Gene Ontology (GO) analysis was used to investigate the pathways associated with biological processes, cellular components, and specific molecular functions corresponding to the target genes of miRNAs identified by the software TargetScan. The pathways corresponding to the target genes of downregulated miRNAs included cell, intracellular biological process, anatomical structure development, molecular function, cellular component, organelle, cell differentiation, embryo development, chromosome organization, anatomical structure formation involved in morphogenesis, ion binding, and cell morphogenesis (Figure 1(b)). Similarly, the following pathways corresponded to the upregulated miRNAs: cell, intracellular, anatomical structure development, biological process, cell differentiation, embryo development, ion binding, molecular function, proteinaceous extracellular matrix, organelle, basement membrane, anatomical structure formation involved in morphogenesis, collagen type IV trimer, extracellular matrix structural constituent, chromosome organization, and cell morphogenesis (Figure 2(b)).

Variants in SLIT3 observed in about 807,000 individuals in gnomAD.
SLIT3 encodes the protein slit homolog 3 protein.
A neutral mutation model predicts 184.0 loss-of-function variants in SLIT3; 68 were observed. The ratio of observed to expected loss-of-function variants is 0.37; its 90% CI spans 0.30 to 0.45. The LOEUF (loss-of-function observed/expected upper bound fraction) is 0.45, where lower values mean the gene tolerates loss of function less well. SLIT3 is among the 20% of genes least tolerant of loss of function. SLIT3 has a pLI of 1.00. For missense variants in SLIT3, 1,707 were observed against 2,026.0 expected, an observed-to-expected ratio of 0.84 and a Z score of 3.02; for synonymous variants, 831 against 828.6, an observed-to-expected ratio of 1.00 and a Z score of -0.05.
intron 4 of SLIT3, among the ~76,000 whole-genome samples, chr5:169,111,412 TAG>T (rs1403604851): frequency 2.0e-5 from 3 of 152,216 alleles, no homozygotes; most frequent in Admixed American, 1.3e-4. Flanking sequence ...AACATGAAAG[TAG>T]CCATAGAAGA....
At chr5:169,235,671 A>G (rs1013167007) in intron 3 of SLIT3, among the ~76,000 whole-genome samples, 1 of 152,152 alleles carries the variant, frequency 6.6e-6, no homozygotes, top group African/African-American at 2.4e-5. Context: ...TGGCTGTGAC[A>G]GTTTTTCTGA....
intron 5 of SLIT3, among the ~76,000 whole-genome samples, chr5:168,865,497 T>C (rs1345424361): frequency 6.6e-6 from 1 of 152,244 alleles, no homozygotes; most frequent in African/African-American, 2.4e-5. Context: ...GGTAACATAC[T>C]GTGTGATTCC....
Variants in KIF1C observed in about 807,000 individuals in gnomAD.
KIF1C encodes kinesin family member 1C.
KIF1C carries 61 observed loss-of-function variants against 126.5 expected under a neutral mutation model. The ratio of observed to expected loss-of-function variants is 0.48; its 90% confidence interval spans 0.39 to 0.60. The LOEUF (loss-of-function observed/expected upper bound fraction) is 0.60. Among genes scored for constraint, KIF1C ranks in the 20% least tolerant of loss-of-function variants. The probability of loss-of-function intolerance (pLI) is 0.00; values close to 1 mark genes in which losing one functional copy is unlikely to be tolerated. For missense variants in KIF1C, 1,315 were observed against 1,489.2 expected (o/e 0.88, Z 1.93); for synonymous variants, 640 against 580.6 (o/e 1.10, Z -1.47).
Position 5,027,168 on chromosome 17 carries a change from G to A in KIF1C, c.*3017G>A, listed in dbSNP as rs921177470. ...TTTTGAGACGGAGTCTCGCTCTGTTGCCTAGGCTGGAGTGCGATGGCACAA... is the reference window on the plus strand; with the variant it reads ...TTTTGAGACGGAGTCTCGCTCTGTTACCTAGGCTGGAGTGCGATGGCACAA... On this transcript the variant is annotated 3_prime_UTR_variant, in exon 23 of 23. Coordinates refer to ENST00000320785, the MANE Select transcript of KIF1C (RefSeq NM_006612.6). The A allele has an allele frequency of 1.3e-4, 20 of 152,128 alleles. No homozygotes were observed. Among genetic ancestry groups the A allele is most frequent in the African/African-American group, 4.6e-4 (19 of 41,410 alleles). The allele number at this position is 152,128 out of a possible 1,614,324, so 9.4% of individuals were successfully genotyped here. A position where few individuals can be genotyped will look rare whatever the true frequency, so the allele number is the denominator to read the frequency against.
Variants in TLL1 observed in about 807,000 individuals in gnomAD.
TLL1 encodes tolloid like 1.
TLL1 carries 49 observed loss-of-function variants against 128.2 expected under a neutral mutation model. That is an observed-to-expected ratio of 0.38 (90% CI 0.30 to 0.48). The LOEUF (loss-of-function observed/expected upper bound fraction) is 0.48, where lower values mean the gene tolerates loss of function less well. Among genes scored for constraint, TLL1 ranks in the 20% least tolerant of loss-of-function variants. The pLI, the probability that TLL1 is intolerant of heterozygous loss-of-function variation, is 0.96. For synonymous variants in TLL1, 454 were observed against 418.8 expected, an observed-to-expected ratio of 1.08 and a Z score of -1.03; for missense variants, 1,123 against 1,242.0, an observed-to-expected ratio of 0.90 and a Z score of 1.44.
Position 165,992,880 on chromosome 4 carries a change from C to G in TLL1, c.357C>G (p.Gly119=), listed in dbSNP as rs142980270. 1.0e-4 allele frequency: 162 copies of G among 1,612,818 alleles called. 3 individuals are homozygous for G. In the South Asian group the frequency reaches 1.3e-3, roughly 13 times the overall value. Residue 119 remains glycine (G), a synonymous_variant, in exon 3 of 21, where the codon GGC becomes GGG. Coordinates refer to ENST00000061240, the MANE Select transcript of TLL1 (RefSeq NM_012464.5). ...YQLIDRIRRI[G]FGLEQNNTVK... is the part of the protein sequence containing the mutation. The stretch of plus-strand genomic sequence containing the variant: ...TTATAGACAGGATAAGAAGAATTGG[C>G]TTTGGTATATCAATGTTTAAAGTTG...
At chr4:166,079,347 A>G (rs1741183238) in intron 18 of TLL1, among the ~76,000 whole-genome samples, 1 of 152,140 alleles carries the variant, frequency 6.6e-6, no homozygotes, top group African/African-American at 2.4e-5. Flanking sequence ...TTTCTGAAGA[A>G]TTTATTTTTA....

Exercise is widely known as a safe and well-accepted nonpharmacological strategy to improve cardiac function and protect the heart from cardiovascular disorders . It is quite important to find the potential molecular pathways underlying the physiological cardiac hypertrophy induced by exercise. In recent years, an increasing number of studies have focused on miRNAs, which can inhibit the transcription of target mRNAs and regulate various biological pathways . Various studies reveal that miRNAs regulated by exercise are associated with physiological cardiac hypertrophy processes [7, 8]. However, due to the various animal models and the various types of exercise training, different miRNAs and potential biological pathways have been reported in different studies. In several studies, some miRNAs were even reported to be regulated in opposite directions, and thus it is hard to determine which miRNAs and pathways are associated most with exercise-induced hypertrophy [8, 9]. In this study, we collected all the miRNA data from all the published articles about exercise-induced cardiac hypertrophy and investigated the most likely biological pathways using bioinformatics analysis.